Maritime power, between legacy and liability
Sunan J. Rustam
The Jakarta Post
Back in 1957, Indonesia, as a newly independent country, made a unilateral declaration to set a clear boundary of her frontiers. Today, the Djuanda Declaration has been recognized as one of the key concepts in the international law of the sea.
An observation of international law regimes of statehood reveals that Indonesia literally elaborated the second requirements of the 1933 Montevideo Convention on the rights and duties of states, i.e. a defined territory, and invented her very own archipelagic territory. The rest of the world followed suit; Article 46 to 54, part IV of the 1982 UN Convention on the Law of the Sea (UNCLOS) is the living proof of Indonesia's legacy to the world.
Fast-forward 57 years to 2014, when president-elect Joko 'Jokowi' Widodo decided to make Indonesia the maritime axis of the world. Ambitious, if not far-fetched, some argue, given a lack of considerable effort, modality and power. At least Indonesia should assume maritime power first before establishing itself as maritime axis of the world. Take Indonesia's master plan for economic expansion and development acceleration, or MP3EI, which does not prioritize maritime affairs. Or the not-so-powerful deterrence of military might, as reflected in Indonesia's defense budget.
Nevertheless, the world regards Indonesia as a maritime player, as reflected in her role in peaceful negotiations of maritime delimitation to manage security issues in the Strait of Malacca, to contributions in international fora such as the meeting of state parties to the UNCLOS, where an Indonesian was elected as the meeting's president for 2010-2011.
Yet almost all Indonesian maritime efforts in international fora are reactive, spur-of-the-moment diplomacy. Nothing wrong with that type of diplomacy, but often times it is stretched to a point of idiosyncrasy.
Actualizing Indonesia's shift from maritime player to maritime power demands concerted planning and effort from all relevant stakeholders. First, there should be a clear and concise concept of how maritime power is interpreted in feasible programs, in particular for diplomats and field military personnel.
For instance, whether Indonesia will continue with her concentric circle approach or expand her strategic alliance worldwide. Or whether Indonesia will carry out aggressive maritime diplomacy or maintain peace dividends as top priority issues. Ignoring the above basic questions may put Indonesia back into the maritime player position, a status quo of the current diplomacy regime.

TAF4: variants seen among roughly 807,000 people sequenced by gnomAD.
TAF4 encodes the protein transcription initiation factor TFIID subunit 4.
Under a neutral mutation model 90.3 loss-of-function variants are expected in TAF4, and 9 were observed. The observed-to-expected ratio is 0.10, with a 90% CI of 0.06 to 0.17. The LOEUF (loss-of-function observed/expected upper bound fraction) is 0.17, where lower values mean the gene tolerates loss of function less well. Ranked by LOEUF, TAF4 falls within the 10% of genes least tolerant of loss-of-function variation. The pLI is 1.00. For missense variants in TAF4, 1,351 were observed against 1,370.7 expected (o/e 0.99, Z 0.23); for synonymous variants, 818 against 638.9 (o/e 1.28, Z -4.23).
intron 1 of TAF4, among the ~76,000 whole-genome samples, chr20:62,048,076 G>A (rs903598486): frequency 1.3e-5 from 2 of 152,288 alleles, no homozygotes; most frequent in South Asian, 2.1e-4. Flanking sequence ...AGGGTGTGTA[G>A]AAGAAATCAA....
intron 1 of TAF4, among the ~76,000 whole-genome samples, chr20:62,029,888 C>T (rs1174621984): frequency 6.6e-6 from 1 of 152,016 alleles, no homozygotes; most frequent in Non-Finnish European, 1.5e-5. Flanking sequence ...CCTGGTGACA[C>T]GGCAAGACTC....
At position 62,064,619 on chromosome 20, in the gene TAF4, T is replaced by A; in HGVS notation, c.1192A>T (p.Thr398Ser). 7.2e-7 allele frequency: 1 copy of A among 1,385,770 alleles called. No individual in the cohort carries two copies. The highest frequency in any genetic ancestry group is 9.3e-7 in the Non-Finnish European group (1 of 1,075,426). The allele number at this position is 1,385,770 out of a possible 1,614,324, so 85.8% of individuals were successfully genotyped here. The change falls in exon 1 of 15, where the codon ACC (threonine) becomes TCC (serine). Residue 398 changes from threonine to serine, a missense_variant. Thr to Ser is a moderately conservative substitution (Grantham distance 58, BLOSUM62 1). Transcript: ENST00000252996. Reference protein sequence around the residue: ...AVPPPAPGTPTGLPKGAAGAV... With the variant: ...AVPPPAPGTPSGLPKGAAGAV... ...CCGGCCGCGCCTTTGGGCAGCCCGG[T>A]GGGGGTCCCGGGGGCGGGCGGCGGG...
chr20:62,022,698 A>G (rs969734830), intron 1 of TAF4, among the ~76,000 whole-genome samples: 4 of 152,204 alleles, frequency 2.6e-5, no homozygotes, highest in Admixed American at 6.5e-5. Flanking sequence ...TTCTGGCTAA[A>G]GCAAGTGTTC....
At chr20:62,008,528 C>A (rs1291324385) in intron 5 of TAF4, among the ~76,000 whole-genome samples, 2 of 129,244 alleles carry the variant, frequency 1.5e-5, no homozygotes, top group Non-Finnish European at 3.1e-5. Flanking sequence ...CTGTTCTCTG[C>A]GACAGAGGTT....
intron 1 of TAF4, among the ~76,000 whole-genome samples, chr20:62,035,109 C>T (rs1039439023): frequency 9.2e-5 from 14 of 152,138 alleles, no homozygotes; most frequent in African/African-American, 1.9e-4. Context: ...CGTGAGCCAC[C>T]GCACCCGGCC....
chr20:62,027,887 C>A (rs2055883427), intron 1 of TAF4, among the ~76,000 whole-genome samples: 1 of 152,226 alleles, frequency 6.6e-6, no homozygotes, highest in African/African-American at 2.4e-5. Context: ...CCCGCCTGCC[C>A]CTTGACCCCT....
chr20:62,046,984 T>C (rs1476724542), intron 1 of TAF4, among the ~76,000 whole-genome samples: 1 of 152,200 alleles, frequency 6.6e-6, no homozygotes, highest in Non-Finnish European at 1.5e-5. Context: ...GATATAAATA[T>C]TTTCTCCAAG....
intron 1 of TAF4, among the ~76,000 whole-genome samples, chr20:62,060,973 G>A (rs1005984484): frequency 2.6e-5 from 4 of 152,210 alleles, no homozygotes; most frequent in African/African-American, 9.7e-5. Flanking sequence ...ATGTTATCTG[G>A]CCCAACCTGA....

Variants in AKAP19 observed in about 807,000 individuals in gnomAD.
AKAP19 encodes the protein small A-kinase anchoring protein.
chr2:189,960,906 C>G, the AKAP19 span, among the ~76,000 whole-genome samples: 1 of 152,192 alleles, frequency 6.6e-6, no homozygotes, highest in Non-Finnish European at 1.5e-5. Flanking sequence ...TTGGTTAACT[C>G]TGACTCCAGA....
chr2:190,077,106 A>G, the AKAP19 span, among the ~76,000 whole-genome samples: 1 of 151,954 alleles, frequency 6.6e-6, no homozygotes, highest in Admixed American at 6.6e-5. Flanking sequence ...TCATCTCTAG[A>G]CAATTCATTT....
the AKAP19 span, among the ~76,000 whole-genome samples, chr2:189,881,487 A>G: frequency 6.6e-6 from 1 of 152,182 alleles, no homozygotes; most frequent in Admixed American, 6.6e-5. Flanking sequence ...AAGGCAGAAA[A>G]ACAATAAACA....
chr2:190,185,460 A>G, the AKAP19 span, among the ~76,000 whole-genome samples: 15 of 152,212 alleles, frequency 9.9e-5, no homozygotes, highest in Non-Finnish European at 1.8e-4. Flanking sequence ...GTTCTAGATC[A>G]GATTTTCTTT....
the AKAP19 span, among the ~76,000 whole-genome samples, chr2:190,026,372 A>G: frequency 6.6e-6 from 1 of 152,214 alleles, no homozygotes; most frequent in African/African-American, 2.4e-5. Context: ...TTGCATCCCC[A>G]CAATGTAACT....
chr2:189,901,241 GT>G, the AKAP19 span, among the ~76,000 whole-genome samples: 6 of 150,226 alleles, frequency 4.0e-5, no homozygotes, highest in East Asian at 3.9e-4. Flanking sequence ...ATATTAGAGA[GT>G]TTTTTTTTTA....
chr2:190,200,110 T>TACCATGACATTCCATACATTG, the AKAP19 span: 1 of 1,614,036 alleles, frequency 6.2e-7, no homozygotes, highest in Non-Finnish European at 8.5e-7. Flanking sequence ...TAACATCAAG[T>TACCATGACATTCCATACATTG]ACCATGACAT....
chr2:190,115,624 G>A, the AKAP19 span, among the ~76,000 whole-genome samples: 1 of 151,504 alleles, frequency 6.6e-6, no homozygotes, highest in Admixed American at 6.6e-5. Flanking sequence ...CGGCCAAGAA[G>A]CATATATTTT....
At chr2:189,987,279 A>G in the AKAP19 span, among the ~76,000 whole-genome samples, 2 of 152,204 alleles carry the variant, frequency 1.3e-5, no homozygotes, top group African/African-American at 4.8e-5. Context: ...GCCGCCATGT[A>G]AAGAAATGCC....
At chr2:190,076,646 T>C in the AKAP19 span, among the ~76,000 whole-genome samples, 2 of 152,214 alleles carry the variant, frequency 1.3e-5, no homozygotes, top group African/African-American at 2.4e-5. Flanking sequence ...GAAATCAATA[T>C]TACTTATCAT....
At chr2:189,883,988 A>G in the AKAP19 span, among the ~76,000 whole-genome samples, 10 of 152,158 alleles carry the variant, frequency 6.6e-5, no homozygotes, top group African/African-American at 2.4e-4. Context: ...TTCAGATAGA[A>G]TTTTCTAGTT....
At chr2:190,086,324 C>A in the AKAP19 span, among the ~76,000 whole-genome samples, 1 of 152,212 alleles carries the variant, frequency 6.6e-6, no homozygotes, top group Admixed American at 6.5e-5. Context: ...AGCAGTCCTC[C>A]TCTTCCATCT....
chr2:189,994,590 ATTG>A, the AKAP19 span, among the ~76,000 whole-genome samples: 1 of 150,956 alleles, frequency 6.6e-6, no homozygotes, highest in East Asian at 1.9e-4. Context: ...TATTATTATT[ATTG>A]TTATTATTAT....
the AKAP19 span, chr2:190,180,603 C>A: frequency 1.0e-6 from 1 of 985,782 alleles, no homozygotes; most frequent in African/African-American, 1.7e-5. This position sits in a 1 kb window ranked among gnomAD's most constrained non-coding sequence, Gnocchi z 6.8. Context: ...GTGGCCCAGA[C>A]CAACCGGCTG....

And do not forget, being a maritime power comes with potential liabilities, i.e. international obligations to be met, failing which may result in substantial loss or damage.
But let us start with where we are now, that is a maritime player. Look no further than UNCLOS, the holy book of the international law of the sea. Indonesia ratified UNCLOS in 1985, but only recently is a bill of the sea (RUU Kelautan) being discussed in the House of Representatives; that is 29 years of legal uncertainty, if not a vacuum, due to Indonesia's inconsistent practices in making treaties into the law of the land.
This draft is intended to be the comprehensive law governing seas in Indonesia, replacing the current 14 scattered legislations on maritime-related issues. Indonesia may be liable if she fails to make UNCLOS the law of the land.
Another liability as a maritime player comes from Indonesia's international obligation derived from UNCLOS per se, among others, designation of archipelagic sea lane passages. Indonesia's legacy comes with a price that is the obligation to assign sea routes to replace lanes used for international navigation. And given Indonesia's strategic location, this regards both west-east and north-south directions.
At present, Indonesia has only managed to assign three north-south sea lanes, i.e. Karimata Strait ' Sunda Strait, Makassar Strait ' Lombok Strait and Maluku Strait ' Banda Sea.
Without the west-east or east-west designated sea lanes, foreign ships may traverse across Indonesia in the said directions through routes used for international navigation. Liability may arise when somewhere along the undesignated sea lanes accidents occur, particularly if such accidents are related to safety and security of navigation.
In projecting Indonesia as a global maritime power, basic modalities should comprise the works of all stakeholders.
Modalities that exercise, for example, sustainable economic growth, preferably from maritime-generated activities, second-to-none ports, coastal and ocean infrastructure and management, standout navy clout with a humanist orientation, and last, but not least, first-class diplomacy where cooperation is forged not only based on mutual benefits but also benefits to the world. These modalities will not only help a maritime power manage its liability but also formulate its legacy to the world.
Legacy and liability are like two sides of the same coin. The bigger the coin, the larger the legacy and the liability. Indonesia started with a small coin, that of the Djuanda Declaration as her legacy with a list of liabilities in return. Now, Indonesia is attempting to play a bigger coin, being a global maritime power. A status entitled to only a few but recognized by many, because only the few are able to manage their legacy and liability well. Countries such as the US and China may serve as interesting showcases of the transition from maritime players to maritime power.
All in all, the question of whether Indonesia is ready to assume the status of world maritime power remains valid; it is the answer that makes the critics skeptical.
The writer works for the Foreign Ministry. The views expressed are his own.
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